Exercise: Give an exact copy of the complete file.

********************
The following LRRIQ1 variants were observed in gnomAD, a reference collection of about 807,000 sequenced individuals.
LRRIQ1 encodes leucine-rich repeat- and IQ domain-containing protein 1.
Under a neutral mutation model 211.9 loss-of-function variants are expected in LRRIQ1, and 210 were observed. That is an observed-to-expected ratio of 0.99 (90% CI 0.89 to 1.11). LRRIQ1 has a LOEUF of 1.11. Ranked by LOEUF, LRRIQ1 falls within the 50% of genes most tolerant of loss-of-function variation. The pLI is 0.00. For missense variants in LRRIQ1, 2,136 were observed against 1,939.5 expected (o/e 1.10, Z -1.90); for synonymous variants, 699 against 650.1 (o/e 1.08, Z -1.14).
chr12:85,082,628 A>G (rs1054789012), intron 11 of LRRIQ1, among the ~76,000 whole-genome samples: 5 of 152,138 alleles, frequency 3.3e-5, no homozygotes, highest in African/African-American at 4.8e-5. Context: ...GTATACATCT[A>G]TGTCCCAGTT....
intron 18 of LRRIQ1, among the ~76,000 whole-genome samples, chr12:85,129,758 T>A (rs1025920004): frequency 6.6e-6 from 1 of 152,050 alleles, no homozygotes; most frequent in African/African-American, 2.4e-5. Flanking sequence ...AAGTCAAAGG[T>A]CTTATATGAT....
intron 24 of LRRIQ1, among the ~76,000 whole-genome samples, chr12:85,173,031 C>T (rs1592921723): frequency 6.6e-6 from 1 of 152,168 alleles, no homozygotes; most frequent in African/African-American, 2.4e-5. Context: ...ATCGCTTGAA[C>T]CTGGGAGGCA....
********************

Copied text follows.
The following LRRIQ1 variants were observed in gnomAD, a reference collection of about 807,000 sequenced individuals.
LRRIQ1 encodes leucine-rich repeat- and IQ domain-containing protein 1.
Under a neutral mutation model 211.9 loss-of-function variants are expected in LRRIQ1, and 210 were observed. That is an observed-to-expected ratio of 0.99 (90% CI 0.89 to 1.11). LRRIQ1 has a LOEUF of 1.11. Ranked by LOEUF, LRRIQ1 falls within the 50% of genes most tolerant of loss-of-function variation. The pLI is 0.00. For missense variants in LRRIQ1, 2,136 were observed against 1,939.5 expected (o/e 1.10, Z -1.90); for synonymous variants, 699 against 650.1 (o/e 1.08, Z -1.14).
chr12:85,082,628 A>G (rs1054789012), intron 11 of LRRIQ1, among the ~76,000 whole-genome samples: 5 of 152,138 alleles, frequency 3.3e-5, no homozygotes, highest in African/African-American at 4.8e-5. Context: ...GTATACATCT[A>G]TGTCCCAGTT....
intron 18 of LRRIQ1, among the ~76,000 whole-genome samples, chr12:85,129,758 T>A (rs1025920004): frequency 6.6e-6 from 1 of 152,050 alleles, no homozygotes; most frequent in African/African-American, 2.4e-5. Flanking sequence ...AAGTCAAAGG[T>A]CTTATATGAT....
intron 24 of LRRIQ1, among the ~76,000 whole-genome samples, chr12:85,173,031 C>T (rs1592921723): frequency 6.6e-6 from 1 of 152,168 alleles, no homozygotes; most frequent in African/African-American, 2.4e-5. Context: ...ATCGCTTGAA[C>T]CTGGGAGGCA....